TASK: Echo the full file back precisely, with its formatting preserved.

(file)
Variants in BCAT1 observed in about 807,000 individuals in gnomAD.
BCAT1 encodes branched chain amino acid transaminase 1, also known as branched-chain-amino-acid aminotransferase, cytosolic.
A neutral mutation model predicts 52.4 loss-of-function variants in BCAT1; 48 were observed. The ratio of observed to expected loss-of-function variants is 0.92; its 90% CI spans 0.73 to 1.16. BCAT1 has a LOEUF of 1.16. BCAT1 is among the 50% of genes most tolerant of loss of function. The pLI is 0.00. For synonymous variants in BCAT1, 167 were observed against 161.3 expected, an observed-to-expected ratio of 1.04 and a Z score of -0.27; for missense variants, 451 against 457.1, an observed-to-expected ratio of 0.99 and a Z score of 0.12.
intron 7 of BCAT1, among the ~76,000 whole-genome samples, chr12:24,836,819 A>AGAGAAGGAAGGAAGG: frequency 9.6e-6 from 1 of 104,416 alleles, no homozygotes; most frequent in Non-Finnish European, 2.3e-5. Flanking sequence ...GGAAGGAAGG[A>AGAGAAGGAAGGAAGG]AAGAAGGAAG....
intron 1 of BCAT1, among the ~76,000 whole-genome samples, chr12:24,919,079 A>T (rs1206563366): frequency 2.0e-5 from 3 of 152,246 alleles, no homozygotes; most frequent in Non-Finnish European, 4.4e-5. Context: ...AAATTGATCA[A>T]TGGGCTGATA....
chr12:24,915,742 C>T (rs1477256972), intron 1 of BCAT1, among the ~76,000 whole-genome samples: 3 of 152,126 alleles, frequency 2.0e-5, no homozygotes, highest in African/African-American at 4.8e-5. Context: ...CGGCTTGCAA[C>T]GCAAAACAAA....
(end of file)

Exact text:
Variants in BCAT1 observed in about 807,000 individuals in gnomAD.
BCAT1 encodes branched chain amino acid transaminase 1, also known as branched-chain-amino-acid aminotransferase, cytosolic.
A neutral mutation model predicts 52.4 loss-of-function variants in BCAT1; 48 were observed. The ratio of observed to expected loss-of-function variants is 0.92; its 90% CI spans 0.73 to 1.16. BCAT1 has a LOEUF of 1.16. BCAT1 is among the 50% of genes most tolerant of loss of function. The pLI is 0.00. For synonymous variants in BCAT1, 167 were observed against 161.3 expected, an observed-to-expected ratio of 1.04 and a Z score of -0.27; for missense variants, 451 against 457.1, an observed-to-expected ratio of 0.99 and a Z score of 0.12.
intron 7 of BCAT1, among the ~76,000 whole-genome samples, chr12:24,836,819 A>AGAGAAGGAAGGAAGG: frequency 9.6e-6 from 1 of 104,416 alleles, no homozygotes; most frequent in Non-Finnish European, 2.3e-5. Flanking sequence ...GGAAGGAAGG[A>AGAGAAGGAAGGAAGG]AAGAAGGAAG....
intron 1 of BCAT1, among the ~76,000 whole-genome samples, chr12:24,919,079 A>T (rs1206563366): frequency 2.0e-5 from 3 of 152,246 alleles, no homozygotes; most frequent in Non-Finnish European, 4.4e-5. Context: ...AAATTGATCA[A>T]TGGGCTGATA....
chr12:24,915,742 C>T (rs1477256972), intron 1 of BCAT1, among the ~76,000 whole-genome samples: 3 of 152,126 alleles, frequency 2.0e-5, no homozygotes, highest in African/African-American at 4.8e-5. Context: ...CGGCTTGCAA[C>T]GCAAAACAAA....